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A Discussion of John Keats' Sonnet entitled "As from the darkening gloom a silver dove"

Updated on August 10, 2013
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I am a high school English teacher who is passionate about writing, theater, directing and enjoying a positive life with family and friends.

The Petrarchan, or Italian, sonnet is the most common sonnet form. A Petrarchan sonnet is a fourteen-line poem. The first eight lines are called the octave. The author uses these eight lines to present a situation. The rhyme scheme for every Petrarchan sonnet is abba abba in the octave. The last six lines are called the sestet. The author uses these lines to comment on the situation that he has presented in the octave. The rhyme scheme for these six lines varies. “As from the darkening gloom silver dove,” by John Keats, is a Petrarchan sonnet.

This poem is also an elegy. Keats wrote it in December 1814 after the death of his grandmother, Alice Jennings. In 1804, Jennings began to care for Keats and his siblings after the death of their father and the remarriage of their mother. Keats was very close to his grandmother. This is one of his early poems, as he only began writing verse in 1814.

In the octave, Keats describes the flight of his grandmother’s soul into heaven. He symbolizes her soul with a silver dove. A dove universally symbolizes peace. He is saying that her soul is at peace now that she has died. The “dove upsoars and darts into the Eastern light…” Her soul flies free and smoothly into heaven lifted by “pure delight.” He emphasizes the smooth, easy flight by using run-on lines in the first two lines of the poem where the flight is being described.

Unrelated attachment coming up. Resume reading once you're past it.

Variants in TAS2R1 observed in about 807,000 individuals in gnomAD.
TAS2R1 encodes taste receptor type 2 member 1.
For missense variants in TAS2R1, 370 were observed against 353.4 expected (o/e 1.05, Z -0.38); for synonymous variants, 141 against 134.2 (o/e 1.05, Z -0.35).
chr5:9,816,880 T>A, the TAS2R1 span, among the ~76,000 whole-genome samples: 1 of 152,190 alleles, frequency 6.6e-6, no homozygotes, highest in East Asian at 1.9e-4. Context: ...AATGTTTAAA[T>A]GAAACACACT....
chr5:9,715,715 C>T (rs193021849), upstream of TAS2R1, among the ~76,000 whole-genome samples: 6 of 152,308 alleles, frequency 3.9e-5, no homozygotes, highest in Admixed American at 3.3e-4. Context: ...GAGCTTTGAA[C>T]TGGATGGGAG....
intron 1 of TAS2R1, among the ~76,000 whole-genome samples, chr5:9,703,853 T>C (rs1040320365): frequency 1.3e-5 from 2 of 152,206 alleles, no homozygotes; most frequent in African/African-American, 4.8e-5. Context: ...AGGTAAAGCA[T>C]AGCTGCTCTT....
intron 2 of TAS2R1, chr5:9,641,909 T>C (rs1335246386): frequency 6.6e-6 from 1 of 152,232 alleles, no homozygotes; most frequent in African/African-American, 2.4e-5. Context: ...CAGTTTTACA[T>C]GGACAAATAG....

She was accepted into heaven by angels. Keats creates a great image of the blessed angels in heaven with brightly shining halos. He paints a picture of heaven as a beautiful, peaceful place full of love. He presents her flight into heaven as a happy, joyous occasion.

In the sestet, the rhyme scheme is cd cd cd. Keats questions his grief in these six lines. He believes that she is extremely happy in heaven. He says that she will sing with an angelic choir that will fill even the already perfect haven with “superior bliss.” Or she might pass swiftly through the air to send a holy message at God’s desire.

“What pleasures higher?” He asks this question in line thirteen after using a caesura, a pause in the middle of the line. He wants the reader to pause and think about the question that he is about to ask because it is important. In his mind there is no higher pleasure than living in eternity.

“Wherefore does any grief our joy impair.” He asks himself, and the reader, to question why we are so sad when someone we love is in such wonderful place. Keats is questioning this natural human behavior. When we have lost a loved one, we grieve. We are sad even though we know they are at peace. Keats says that we have no room for sadness; we should be joyful that the ones we love live on in heaven.

2012. Written by Donna Hilbrandt.

© 2012 Donna Hilbrandt

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    • donnah75 profile image
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      Donna Hilbrandt 4 years ago from Upstate New York

      Jeff: Busted! I am indeed an English lit teacher :) thanks for the read. I'll have to check out Fry's book.

    • Jeff May profile image

      Jeffrey Penn May 4 years ago from St. Louis

      Always enjoyed Keats. I've written some poetry "constrained" by prevailing form from eighteenth and nineteenth centuries. Can be extremely difficult. For anyone interested in writing their own poetry, I recommend Stephen Fry's "The Ode Less Travelled." Your hubs have the mark of an English Literature teacher...